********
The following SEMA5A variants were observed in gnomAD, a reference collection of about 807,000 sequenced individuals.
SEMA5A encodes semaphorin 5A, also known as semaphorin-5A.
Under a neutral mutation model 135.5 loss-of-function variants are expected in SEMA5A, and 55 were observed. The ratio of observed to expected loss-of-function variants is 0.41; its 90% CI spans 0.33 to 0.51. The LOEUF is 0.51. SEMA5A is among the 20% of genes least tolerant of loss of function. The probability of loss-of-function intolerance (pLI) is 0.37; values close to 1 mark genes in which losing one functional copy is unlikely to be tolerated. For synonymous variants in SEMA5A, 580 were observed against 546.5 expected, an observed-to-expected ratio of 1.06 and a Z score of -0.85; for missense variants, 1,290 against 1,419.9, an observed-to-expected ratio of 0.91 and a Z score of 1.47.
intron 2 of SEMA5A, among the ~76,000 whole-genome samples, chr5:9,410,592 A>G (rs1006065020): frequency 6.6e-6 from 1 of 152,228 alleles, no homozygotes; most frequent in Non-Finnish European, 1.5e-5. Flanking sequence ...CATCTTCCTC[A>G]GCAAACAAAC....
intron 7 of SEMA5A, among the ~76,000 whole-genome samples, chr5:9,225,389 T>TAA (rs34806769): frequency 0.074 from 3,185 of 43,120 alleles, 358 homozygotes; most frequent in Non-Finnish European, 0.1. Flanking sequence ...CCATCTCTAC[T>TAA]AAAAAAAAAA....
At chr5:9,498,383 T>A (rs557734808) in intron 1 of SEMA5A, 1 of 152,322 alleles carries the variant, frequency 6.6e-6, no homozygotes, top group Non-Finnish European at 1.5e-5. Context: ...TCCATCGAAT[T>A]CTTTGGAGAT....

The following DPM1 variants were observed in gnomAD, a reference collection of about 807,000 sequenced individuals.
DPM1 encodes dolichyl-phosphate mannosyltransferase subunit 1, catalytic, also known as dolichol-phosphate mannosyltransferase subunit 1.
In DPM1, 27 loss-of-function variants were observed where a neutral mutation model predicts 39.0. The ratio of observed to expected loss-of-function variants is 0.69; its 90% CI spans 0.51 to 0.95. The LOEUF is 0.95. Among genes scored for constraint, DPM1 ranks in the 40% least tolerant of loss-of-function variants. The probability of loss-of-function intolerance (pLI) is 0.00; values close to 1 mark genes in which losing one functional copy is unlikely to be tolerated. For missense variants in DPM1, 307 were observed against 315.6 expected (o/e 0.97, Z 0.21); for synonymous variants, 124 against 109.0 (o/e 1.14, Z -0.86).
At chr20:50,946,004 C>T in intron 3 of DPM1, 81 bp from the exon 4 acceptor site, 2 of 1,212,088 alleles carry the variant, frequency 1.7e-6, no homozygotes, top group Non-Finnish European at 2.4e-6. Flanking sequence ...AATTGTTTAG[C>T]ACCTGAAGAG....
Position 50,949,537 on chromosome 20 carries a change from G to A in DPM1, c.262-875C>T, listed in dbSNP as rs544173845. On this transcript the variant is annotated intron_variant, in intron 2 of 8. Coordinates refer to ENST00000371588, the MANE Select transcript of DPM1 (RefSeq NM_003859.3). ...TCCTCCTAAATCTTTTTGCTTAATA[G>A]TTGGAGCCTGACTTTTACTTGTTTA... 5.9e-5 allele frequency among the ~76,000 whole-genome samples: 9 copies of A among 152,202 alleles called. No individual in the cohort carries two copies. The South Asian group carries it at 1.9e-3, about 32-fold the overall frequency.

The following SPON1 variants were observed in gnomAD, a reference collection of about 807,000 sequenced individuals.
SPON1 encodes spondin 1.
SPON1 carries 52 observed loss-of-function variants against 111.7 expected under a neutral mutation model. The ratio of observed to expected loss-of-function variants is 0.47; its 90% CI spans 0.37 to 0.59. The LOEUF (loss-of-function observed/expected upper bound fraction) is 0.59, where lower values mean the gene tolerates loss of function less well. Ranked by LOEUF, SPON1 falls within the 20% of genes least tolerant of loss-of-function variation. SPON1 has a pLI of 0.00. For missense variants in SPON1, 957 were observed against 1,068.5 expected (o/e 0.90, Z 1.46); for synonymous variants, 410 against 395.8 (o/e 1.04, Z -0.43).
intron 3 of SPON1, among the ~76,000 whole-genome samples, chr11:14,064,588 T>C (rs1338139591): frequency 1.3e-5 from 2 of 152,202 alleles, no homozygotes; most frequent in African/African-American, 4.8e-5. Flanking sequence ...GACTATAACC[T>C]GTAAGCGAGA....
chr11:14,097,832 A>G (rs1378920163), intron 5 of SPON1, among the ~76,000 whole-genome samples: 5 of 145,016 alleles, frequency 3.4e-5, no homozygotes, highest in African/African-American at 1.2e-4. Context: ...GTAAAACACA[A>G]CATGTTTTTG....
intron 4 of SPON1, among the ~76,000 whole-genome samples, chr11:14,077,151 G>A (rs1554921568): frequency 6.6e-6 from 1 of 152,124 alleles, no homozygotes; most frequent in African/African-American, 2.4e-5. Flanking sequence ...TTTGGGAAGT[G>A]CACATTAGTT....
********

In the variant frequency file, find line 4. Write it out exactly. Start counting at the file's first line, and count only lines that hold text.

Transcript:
intron 2 of SEMA5A, among the ~76,000 whole-genome samples, chr5:9,410,592 A>G (rs1006065020): frequency 6.6e-6 from 1 of 152,228 alleles, no homozygotes; most frequent in Non-Finnish European, 1.5e-5. Flanking sequence ...CATCTTCCTC[A>G]GCAAACAAAC....